Kimball, Gilman (1804-1892).
A jiyiuH'olojiist. ho was born at \ow Cliestor ui<^'^\' Hill) New llanipshirr on December 8. 1804, the son of Eben- ezer and Polly Kimball, and after a good education began to study med- icine at Dartmouth College where he took his M. D. in 1826, starting practice the next year in the town of Chicojiee, Massachusetts. Two years in a small town taught him his limitations and, aspiring to be something more than mediocre in sm-gery he spent one year under Auguste B(f>rard in Paris, and also went almost daily to the Duimj- tren clinic.
Then foUoweil sixty years of fine service to suffering humanity in Low- ell, Massachusetts, particularly when chosen surgeon to a hospital erected by mill owners for their oi)eratives In 1842 he succeeded Willard Parker as professor of surgery at Woodstock, Vermont, and held the same chair in the Berkshire Medical Institution at Pittsfield, Massachusetts. Like most surgeons he was glad to be in warfare and accompanied Gen. Butler to Annapolis and Fort Monroe first as brigade surgeon then as medical direc- tor and helped greatly in organizing the hospitals until, twice prostrated Ijy malaria, he had to resign.
As early as 1855 he operated for the removal of ovarian tumors, a pro- ceeding then still regarded as too daring by most surgeons. In New England, outside Boston, it had hard- ly been done at all, so Kimball re- quired a good deal of courage when he set out to rescue the some forty per cent, of women likely to die of the disease. Even before this, in 1853, he was a pioneer in extirpation of the uterus for fibroids. About 1870, writes his friend Dr. F. H. Davenport, he joined Dr. Ephriam Cutter in the treatment of fibroids by electrolysis. Outside of gynecology he did two amputations (one successful) at the hip-joint; a ligation of the internal iliac artery, unsuccessful, the external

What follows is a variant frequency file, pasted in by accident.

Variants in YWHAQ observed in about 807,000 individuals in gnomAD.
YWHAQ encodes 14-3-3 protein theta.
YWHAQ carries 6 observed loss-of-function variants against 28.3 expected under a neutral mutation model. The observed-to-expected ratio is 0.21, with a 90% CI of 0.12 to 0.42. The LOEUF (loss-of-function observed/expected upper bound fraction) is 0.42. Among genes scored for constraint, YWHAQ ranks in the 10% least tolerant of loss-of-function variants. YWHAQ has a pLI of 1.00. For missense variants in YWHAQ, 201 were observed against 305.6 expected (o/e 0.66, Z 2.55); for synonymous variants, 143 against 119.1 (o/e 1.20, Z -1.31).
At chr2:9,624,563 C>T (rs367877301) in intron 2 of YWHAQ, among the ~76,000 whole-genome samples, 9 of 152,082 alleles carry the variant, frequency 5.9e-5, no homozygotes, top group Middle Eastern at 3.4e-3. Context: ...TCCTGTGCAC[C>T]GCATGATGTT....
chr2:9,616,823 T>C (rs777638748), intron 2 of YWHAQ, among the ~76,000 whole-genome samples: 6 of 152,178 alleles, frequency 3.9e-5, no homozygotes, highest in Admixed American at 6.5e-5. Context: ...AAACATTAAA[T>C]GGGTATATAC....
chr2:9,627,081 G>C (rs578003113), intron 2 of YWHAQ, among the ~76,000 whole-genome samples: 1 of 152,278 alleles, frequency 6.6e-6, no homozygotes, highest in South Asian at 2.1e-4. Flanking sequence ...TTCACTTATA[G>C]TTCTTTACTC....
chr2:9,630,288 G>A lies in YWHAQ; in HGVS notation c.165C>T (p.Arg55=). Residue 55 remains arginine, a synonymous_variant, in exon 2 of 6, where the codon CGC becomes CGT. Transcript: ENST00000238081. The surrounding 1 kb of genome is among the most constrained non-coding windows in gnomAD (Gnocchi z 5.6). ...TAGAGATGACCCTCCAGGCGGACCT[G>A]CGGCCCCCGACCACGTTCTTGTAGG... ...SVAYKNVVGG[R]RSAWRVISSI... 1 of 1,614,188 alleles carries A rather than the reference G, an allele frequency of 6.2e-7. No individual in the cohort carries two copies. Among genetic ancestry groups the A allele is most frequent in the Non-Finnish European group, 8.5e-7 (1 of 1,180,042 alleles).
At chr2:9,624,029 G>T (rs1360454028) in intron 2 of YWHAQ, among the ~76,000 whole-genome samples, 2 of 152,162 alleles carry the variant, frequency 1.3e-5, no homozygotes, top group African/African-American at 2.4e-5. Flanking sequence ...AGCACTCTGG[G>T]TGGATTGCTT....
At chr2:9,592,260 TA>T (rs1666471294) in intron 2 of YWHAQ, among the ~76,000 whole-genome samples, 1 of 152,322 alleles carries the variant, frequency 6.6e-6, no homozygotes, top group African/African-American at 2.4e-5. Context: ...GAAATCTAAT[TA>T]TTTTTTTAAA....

iliac, the femoral and subclavian arteries, all of which did well.
i\iml)all only gave up work when his health obliged him so to do a few jears before his death. When he died at Lowell on July 27, 1892, his cigiity-seven years had not impaired his mental vigor one little bit and his interest in things medical was as keen as ever.
He was twice married; first to Mary, daughter of Dr. Henry Dewar of Edin- l)urgh, Scotland, then to Isabella De- frier of Nantucket, Massachusetts.
His writings were chiefly on: gas- trotomy, ovariotomy and uterine ex- tirpation, in the "Boston Medical and Surgical Journal," 1855, 1874 and 1876.
Yale and Williams Colleges gave him their honorary M. D., and Dart- mouth her honorary A. M.; he was also a fellow of the College of Physicians and Surgeons of New York; member of the Massachusetts Medical Society and president of the American Gyne- cological Society. D. W.
Am. .lour. Ob.stet., N. Y., 1892, vol. xxvi. Tr. Am. Gyn. Soc, 1892, vol. xvii.
King, John (1813-1893).
John King is remembered not only in his own state of Ohio, but through- out the country as a famous analytical pharmacologist. New York City was his birthplace on January 1, 1813, and, his parents being well off, their son had time to become a good linguist, to amuse himself with engraving, music and mechanics before he graduated in medicine from Wooster Beach's Medical School, New York. After graduating he devoted many years to practical work as a botanist, phar- macologist and chemist, in 1851 becom- ing a teacher in the Cincinnati Eclectic Medical Institute and remaining sur- rounded by enthusiastic pupils there until his death at North Bend, Ohio, in 1893. His eclecticism was akin to an all-embracing Catholicism in med- icine. He was an omnivorous reader and able to keep in touch with the